Recently we got a call to help a local metal fabrication company deal with a ransomware attack that brought their business to a screeching halt.

Their story offers a lesson to any business still using old hardware and software, or not updating their online security.

Online threats become more numerous and sophisticated every day. Outdated computers and legacy operating systems simply can’t keep up, or keep your organization safe.

Do you recognize yourself in this story?

Ransomware Attacks: A Growing Threat

Ransomware is one of the biggest cybercrime problems that business face today. It locks up your files and systems, making them unusable until you pay a ransom (usually in Bitcoin) for the decryption key to unlock them.

That’s what happened to MetalFab (not their real name). A ransomware variety known as Phobos encrypted 90% of their computers and servers within minutes, making everything on them inaccessible.

Nearly all of their IT infrastructure was onsite and vulnerable. Their only cloud software was web-based email.

And like 90% of cyberattacks, the problem started with email.

Someone clicked a link in an email that they shouldn’t have. That’s all it took.

Back in Action

We engage, we quarantine the source, we assess.

After disconnecting everything to prevent further infection, we switched into recovery mode. Here’s what we did:

Backups and Disaster Recovery Plan

MetalFab had no backups of their applications or data. That meant that some data was gone for good. So we restored what they had and reimaged their servers, which got them back in action.

A Disaster Recovery Plan might have helped them bounce back more quickly, with fewer losses. But they didn’t have that either.

Creating a backup schedule and Disaster Recovery Plan will keep their data safe in multiple locations, and help them get it back in case of another outage.

Hardware and Applications

Most of their computers and servers were old or legacy equipment. Some were running Windows 7 or Vista. MetalFab hadn’t upgraded anything in years.

So it made more sense to replace instead of upgrade. We installed new desktops, servers, and switches capable of today’s advanced cybersecurity measures.


MetalFab’s security was as outdated as their hardware. They had a local firewall and basic antivirus software. Their email had spam filtering but no server gateways to protect their network. So the malicious email got through.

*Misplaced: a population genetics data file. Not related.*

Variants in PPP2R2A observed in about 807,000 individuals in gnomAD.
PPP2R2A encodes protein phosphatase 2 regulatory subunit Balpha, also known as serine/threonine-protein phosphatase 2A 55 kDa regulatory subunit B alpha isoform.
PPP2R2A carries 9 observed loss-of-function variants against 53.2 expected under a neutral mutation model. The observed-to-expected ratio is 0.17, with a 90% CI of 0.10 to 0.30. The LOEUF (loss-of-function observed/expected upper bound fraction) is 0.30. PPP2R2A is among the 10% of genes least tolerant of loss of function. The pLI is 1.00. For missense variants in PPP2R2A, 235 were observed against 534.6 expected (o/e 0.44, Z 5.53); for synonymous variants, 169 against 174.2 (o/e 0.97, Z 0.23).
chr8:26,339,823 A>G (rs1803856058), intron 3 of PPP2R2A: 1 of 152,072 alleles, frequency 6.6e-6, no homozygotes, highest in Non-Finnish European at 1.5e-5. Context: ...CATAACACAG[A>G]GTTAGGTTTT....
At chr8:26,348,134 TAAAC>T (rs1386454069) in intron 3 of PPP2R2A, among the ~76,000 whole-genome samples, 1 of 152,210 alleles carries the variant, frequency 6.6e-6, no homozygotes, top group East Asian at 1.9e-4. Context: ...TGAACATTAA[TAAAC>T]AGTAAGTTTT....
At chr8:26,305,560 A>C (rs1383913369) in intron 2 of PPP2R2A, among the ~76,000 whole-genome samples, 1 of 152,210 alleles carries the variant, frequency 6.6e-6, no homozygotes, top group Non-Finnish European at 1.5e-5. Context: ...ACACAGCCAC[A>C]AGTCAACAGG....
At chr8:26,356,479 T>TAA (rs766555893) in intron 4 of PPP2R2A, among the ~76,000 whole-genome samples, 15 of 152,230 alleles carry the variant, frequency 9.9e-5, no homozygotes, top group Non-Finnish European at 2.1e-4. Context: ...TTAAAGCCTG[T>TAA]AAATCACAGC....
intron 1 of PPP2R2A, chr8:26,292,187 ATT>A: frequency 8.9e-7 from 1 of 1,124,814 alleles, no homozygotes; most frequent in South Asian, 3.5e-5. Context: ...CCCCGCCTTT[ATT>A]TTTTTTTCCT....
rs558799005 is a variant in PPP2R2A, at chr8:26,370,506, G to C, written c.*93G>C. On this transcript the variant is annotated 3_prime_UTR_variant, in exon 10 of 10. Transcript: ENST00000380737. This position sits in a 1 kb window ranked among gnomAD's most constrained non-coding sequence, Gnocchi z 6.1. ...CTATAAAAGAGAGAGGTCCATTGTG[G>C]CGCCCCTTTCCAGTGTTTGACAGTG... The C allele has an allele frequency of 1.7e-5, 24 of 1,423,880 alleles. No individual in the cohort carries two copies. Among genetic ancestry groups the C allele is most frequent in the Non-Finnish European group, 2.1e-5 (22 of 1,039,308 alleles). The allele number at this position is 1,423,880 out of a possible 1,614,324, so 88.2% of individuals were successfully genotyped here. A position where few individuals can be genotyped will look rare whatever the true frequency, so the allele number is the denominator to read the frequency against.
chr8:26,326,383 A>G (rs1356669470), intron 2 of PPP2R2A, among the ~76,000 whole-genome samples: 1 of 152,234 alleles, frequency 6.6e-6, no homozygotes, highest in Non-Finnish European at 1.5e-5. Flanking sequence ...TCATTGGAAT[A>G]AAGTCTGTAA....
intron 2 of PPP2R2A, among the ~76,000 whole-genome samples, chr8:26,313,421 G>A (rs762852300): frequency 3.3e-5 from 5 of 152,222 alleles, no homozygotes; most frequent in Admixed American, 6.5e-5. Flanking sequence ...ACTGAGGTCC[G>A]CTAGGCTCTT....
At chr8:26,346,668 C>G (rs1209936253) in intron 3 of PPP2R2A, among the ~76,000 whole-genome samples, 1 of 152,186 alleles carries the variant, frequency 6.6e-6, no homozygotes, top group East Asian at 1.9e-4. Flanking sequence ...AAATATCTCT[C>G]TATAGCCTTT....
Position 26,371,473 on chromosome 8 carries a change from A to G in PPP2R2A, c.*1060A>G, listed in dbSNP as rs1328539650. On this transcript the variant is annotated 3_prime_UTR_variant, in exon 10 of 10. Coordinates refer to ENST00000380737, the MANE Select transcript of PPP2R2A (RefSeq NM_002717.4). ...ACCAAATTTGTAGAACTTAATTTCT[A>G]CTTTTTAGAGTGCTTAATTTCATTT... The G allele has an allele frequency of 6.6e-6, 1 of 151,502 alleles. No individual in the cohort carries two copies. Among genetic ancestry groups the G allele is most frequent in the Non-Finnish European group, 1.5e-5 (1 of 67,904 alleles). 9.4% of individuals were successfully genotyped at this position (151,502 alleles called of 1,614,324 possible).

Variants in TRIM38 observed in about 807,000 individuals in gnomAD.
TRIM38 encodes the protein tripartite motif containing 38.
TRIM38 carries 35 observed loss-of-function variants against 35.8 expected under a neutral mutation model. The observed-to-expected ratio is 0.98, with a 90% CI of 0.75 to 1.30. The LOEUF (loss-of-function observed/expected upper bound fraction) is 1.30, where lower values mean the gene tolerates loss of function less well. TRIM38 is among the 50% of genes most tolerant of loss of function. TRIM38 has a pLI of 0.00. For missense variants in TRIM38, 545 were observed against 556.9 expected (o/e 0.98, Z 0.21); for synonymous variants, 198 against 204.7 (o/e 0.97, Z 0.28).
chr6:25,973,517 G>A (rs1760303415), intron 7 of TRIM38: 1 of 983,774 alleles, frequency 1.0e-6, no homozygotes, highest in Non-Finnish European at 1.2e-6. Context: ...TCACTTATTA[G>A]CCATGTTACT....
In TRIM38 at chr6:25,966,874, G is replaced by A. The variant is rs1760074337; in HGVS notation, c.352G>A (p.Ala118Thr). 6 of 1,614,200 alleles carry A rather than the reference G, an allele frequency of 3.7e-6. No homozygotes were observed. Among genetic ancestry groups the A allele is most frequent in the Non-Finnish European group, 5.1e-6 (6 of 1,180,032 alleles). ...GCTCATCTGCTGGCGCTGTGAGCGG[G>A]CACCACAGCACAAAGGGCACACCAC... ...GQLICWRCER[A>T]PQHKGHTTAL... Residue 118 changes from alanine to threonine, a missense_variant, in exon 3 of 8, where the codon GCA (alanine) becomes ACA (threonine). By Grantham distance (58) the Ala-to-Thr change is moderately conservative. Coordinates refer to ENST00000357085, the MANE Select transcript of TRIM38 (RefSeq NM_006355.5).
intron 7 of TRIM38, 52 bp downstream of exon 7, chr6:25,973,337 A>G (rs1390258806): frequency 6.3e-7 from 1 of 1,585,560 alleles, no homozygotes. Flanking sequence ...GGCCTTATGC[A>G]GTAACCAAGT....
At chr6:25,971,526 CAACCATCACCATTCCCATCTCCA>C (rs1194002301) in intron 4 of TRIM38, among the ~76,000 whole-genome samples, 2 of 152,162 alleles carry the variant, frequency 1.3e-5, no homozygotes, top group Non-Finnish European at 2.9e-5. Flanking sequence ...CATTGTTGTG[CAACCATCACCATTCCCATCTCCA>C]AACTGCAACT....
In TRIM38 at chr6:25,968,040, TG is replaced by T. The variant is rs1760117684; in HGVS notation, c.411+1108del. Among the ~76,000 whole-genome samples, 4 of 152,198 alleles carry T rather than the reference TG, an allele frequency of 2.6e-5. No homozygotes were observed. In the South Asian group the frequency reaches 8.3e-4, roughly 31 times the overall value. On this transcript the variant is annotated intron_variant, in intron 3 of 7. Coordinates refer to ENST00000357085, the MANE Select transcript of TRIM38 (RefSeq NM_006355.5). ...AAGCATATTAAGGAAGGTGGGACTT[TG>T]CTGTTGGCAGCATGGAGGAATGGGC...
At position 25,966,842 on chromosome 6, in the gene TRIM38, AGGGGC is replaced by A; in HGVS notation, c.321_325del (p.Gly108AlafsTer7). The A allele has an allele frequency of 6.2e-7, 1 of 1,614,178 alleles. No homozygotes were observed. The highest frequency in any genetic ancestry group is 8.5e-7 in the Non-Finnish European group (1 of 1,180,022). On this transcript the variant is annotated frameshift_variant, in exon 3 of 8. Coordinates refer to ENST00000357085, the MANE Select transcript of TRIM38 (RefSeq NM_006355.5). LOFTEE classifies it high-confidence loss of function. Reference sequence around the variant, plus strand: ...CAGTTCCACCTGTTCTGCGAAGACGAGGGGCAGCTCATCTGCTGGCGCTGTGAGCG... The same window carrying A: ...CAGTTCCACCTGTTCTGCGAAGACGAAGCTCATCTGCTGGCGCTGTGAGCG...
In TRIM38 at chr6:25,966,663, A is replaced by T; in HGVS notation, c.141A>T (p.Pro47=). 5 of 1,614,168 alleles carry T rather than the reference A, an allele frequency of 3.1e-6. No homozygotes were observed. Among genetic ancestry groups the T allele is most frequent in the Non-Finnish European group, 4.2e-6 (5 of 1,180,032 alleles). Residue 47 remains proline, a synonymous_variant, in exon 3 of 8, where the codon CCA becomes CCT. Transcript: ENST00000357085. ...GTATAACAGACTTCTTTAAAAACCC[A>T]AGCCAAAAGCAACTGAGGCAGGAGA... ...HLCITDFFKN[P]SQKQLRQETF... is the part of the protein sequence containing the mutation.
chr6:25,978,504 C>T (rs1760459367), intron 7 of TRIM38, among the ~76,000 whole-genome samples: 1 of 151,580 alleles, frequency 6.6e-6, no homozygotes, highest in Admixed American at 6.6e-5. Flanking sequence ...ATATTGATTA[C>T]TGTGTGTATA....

We started by installing a new firewall that’s such a major upgrade it’s not even comparable. We’re also working with MetalFab to update and strengthen their security against future cyberattacks.


Security experts agree: User education is online security’s weakest link.

So we’re teaching MetalFab about ransomware, phishing, social engineering, and other threats.

Sure, we can fix things. But it’s much better if you know how to prevent them.

Four Key Lessons

What are the lessons for other businesses?

  • Backups. Backups are not optional. You can’t restore data that doesn’t exist.
  • Layered Security. A layered security approach (firewall, malware protection, advanced reporting) makes it that much harder for cyberattacks to get through.
  • Disaster Recovery Plan. Develop a DRP, and review and test it regularly.
  • Education. Always be training. Employees come and go, and the threat of cyberattacks is always changing.
  • Managed IT Services. An experienced IT services company like PC Professional knows about cybersecurity and can ensure you’re always safe and up to date.

A Final Word

The ransomware attack on MetalFab really opened their eyes. After years of inattention, the CEO has decided to spend more money on security.

MetalFab got lucky. They weren’t well prepared, but they didn’t get driven out of business like 60% of companies who suffer a ransomware attack. Replacing all those computers cost a bit, but it was a one-time thing.

Ransomware attacks fast, but it’s not instantaneous. That means you can minimize the damage if you’re prepared.

Drop us a line and we can show you how.


(Photo: U.S. Air Force Graphic by Adam Butterick)


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